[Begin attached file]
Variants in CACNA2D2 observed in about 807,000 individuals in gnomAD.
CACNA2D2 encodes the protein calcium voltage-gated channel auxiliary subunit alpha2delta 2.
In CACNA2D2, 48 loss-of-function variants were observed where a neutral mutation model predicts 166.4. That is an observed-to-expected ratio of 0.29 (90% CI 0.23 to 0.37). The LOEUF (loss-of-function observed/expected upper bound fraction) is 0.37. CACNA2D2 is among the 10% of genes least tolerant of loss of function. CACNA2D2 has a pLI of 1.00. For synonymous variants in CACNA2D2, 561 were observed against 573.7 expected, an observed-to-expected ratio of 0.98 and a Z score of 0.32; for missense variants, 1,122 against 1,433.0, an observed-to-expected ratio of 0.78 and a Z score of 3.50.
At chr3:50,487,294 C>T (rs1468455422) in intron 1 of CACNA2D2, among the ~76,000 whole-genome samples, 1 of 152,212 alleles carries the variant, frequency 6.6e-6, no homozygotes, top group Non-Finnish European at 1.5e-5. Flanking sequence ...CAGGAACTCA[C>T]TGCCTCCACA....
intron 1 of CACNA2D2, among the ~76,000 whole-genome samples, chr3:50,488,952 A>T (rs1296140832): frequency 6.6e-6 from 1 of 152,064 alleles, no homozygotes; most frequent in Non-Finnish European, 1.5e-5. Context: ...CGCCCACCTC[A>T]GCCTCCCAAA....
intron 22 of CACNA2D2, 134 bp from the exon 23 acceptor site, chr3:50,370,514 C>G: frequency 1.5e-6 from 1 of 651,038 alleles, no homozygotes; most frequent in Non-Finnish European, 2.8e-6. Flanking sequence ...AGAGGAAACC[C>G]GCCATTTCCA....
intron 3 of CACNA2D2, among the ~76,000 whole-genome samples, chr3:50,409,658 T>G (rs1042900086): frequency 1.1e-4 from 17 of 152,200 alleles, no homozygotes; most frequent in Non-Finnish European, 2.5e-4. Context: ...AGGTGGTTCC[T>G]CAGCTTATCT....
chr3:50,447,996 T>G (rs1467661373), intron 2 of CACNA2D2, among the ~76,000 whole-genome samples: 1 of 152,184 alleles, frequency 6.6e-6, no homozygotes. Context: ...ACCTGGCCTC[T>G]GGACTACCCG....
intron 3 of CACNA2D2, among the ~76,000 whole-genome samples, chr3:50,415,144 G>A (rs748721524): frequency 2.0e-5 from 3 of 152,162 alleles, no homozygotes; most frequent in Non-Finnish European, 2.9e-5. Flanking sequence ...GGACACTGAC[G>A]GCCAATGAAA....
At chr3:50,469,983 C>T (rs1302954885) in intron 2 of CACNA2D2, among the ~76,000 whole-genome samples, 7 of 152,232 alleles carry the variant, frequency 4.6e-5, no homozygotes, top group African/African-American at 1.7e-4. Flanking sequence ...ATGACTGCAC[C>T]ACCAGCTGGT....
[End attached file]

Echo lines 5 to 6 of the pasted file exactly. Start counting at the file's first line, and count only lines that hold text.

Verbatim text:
intron 1 of CACNA2D2, among the ~76,000 whole-genome samples, chr3:50,488,952 A>T (rs1296140832): frequency 6.6e-6 from 1 of 152,064 alleles, no homozygotes; most frequent in Non-Finnish European, 1.5e-5. Context: ...CGCCCACCTC[A>T]GCCTCCCAAA....
intron 22 of CACNA2D2, 134 bp from the exon 23 acceptor site, chr3:50,370,514 C>G: frequency 1.5e-6 from 1 of 651,038 alleles, no homozygotes; most frequent in Non-Finnish European, 2.8e-6. Flanking sequence ...AGAGGAAACC[C>G]GCCATTTCCA....